First, looking at a study of 185 cases of childhood epilepsy, Wittkowski's team found that mutations in genes that control axonal guidance and calcium signaling—both of which are important early in the developing brain when neurons are forming the appropriate connections—led to increased chances of having the disorder. This prompted the researchers to take a closer look at data from one of the largest studies of autism in the country, containing genome sequences of some 2,700 individuals. By using their more powerful statistical approach, the researchers found clusters of mechanistically related genes where previous studies had merely suggested a few isolated SNPs. Their work implicated the Ras pathway—a calcium-dependent signaling network that spurs neuronal growth—as playing a key role in autism.

If confirmed by clinical research, the data points to the possibility that early pharmaceutical intervention could make a significant difference in the development of the disease."Our results suggest that the drugs currently used to treat childhood epilepsy—ion channel modulators—might have a beneficial effect on individuals with autism, if given at the right time, between 9 and 24 months of age," says Wittkowski.

"The implications of the paper are not restricted to autism," Wittkowski says. "Our approach is likely to 'revive' genome-wide association studies as a strategy to identify and to develop novel treatment options for a wide range of diseases, just as people had hoped for when the genetic code was deciphered a decade ago."

Explore further: Study confirms a gene linked to Asperger Syndrome and empathy

More information: "A novel computational biostatistics approach implies impaired dephosphorylation of growth factor receptors as associated with severity of autism." K M Wittkowski, V. Sonakya, B. Bigio, M. K. Tonn, F. Shic, M. Ascano Jr., C. Nasca and G. Gold-Von Simson. Translational Psychiatry (2014) 4, e354; DOI: 10.1038/tp.2013.124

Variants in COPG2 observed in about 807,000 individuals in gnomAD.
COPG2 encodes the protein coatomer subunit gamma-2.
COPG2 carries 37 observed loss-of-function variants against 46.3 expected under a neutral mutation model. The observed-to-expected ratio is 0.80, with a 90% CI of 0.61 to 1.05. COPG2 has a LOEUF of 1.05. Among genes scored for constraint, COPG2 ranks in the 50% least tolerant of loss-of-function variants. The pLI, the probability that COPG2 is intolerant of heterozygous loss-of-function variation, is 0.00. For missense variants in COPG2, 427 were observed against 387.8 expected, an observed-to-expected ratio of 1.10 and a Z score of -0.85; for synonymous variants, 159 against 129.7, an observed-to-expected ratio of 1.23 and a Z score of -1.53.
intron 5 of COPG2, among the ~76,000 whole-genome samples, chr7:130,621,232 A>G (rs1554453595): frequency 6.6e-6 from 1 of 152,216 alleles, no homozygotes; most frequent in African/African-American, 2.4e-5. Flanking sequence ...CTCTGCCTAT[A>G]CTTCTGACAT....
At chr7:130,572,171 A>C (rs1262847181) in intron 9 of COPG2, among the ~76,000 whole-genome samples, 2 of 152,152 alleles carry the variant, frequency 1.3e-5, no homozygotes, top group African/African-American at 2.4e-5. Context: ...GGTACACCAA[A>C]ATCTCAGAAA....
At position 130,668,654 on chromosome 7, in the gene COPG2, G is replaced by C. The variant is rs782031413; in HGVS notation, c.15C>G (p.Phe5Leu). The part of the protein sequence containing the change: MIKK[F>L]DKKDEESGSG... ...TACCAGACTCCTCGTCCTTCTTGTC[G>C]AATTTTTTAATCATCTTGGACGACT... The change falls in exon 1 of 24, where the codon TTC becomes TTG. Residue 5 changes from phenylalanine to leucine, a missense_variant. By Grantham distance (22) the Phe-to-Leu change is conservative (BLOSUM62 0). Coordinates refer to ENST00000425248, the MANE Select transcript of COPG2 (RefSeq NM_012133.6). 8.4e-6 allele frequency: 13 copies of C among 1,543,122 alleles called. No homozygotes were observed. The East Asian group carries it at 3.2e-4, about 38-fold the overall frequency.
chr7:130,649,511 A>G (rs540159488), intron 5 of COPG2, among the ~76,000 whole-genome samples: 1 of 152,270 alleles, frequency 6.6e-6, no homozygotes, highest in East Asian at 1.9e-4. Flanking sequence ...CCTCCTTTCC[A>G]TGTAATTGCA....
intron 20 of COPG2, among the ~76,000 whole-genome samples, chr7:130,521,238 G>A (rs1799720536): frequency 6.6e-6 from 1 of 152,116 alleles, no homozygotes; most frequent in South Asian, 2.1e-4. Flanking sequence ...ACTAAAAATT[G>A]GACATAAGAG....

Published online 28 January 2014

Related Stories

Study confirms a gene linked to Asperger Syndrome and empathy

December 17, 2013
(Medical Xpress)—Scientists have confirmed that variations in a particular gene play a key role in the autism spectrum condition known as Asperger Syndrome. They have also found that variations in the same gene are also ...

Mechanism affecting risk of prostate cancer is found

January 10, 2014
A research group at Biocenter Oulu in Finland has identified a mechanism related to a transcription factor that binds much more strongly onto a particular SNP variant, thereby initiating a genetic programme which enhances ...

Gene family mutation, autism linked

January 28, 2014
(Medical Xpress)—Harvard Medical School researchers at McLean Hospital have found that a gene family linked to autism, EphB, is essential for proper brain wiring during development. The findings suggest that the abnormal ...